Earlier this year, ESPN sued the University of Notre Dame Security Police Department, alleging that Notre Dame was withholding police documents involving campus crimes allegedly committed by a number of student-athletes. ESPN contended that this was a violation of Indiana’s Access to Public Records Act. Both sides filed Motions for Judgment on the Pleadings, requesting that the court interpret the Public Records Act.
The question at issue was whether the University of Notre Dame’s Security Police Department was a “public agency” subject to the Public Records Act. The University of Notre Dame is a private entity. However, state law provides that the university may be considered a “state actor” for constitutional purposes when it appoints campus police officers. Judge Steven L. Hostetler of the St. Joseph Superior Court found that just because Notre Dame is a “state actor” for constitutional purposes, it does not simply follow that Notre Dame’s Security Police Department is a “public agency” under the state’s Public Records Act.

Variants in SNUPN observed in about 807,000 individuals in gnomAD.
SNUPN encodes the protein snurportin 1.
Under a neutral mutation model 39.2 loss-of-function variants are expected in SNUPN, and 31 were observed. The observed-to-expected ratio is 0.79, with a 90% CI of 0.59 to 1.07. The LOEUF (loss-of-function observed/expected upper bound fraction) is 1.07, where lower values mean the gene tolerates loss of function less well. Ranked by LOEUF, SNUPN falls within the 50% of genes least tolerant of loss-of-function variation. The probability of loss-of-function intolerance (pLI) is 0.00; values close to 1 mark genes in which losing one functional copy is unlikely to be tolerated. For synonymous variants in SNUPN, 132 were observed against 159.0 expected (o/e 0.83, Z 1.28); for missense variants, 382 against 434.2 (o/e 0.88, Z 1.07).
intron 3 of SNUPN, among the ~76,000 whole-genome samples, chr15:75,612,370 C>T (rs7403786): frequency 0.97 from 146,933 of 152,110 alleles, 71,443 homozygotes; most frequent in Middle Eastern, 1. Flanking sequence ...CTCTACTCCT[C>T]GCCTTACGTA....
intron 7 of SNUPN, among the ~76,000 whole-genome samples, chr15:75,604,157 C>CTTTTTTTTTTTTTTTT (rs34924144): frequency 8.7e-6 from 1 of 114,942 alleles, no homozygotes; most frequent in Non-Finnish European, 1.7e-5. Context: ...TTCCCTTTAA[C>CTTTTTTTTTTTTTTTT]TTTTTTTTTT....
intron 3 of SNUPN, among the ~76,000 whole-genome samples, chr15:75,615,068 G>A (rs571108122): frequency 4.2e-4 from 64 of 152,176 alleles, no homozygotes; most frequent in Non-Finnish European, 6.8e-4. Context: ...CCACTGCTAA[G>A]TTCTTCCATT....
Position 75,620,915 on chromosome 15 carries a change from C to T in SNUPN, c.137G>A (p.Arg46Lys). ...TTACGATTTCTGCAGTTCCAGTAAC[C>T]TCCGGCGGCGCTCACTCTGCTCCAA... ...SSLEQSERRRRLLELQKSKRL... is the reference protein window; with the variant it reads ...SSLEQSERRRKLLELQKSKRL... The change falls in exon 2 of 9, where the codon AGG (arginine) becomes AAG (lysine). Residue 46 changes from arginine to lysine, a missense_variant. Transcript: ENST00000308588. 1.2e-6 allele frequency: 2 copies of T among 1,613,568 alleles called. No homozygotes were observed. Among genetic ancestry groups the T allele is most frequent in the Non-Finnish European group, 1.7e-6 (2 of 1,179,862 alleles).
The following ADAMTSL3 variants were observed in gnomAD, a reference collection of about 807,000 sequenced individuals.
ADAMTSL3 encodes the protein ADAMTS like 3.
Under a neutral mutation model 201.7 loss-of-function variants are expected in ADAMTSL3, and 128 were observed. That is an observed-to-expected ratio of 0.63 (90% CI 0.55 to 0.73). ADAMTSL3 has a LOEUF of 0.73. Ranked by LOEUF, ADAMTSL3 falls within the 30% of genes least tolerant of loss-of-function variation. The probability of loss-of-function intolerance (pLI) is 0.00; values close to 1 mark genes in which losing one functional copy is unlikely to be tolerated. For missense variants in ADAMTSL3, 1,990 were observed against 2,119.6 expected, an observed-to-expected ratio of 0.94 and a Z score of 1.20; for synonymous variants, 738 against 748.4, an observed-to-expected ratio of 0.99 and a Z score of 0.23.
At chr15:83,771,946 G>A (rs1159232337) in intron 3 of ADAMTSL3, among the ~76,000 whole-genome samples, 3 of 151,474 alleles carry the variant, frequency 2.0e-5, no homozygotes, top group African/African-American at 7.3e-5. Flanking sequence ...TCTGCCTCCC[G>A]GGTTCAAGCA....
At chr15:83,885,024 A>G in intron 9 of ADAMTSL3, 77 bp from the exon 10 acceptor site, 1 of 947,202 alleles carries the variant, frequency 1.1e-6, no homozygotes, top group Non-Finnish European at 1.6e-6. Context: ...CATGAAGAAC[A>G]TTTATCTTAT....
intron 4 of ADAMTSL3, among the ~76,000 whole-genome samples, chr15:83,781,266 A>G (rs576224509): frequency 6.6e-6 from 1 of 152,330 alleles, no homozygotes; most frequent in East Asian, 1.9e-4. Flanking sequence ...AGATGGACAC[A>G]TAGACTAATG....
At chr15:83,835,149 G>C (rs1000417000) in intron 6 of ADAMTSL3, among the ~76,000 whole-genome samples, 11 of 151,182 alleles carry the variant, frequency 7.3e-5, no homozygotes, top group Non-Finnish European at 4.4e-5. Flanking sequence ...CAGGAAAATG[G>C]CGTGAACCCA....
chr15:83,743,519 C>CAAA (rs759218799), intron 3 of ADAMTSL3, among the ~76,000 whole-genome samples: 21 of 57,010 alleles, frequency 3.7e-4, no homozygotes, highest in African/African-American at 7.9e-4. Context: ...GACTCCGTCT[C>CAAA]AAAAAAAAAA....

The court found that under the statute, Notre Dame’s Security Police Department is not exercising an executive, administrative, judicial or legislative power of the state so as to make the Public Records Act applicable. It was exercising a power granted to it by the state, which in and of itself does not make this private university subject to the Public Records Act. Thus, Notre Dame is not required to provide the records to ESPN. ESPN recently filed notice that they are appealing the court’s ruling.”
The full text of the opinion can be read here: ESPN, Inc. v. University of Notre Dame Security Police Department
Danielle Dietrich is the co-chair of Tucker Arensberg’s Higher Education Group.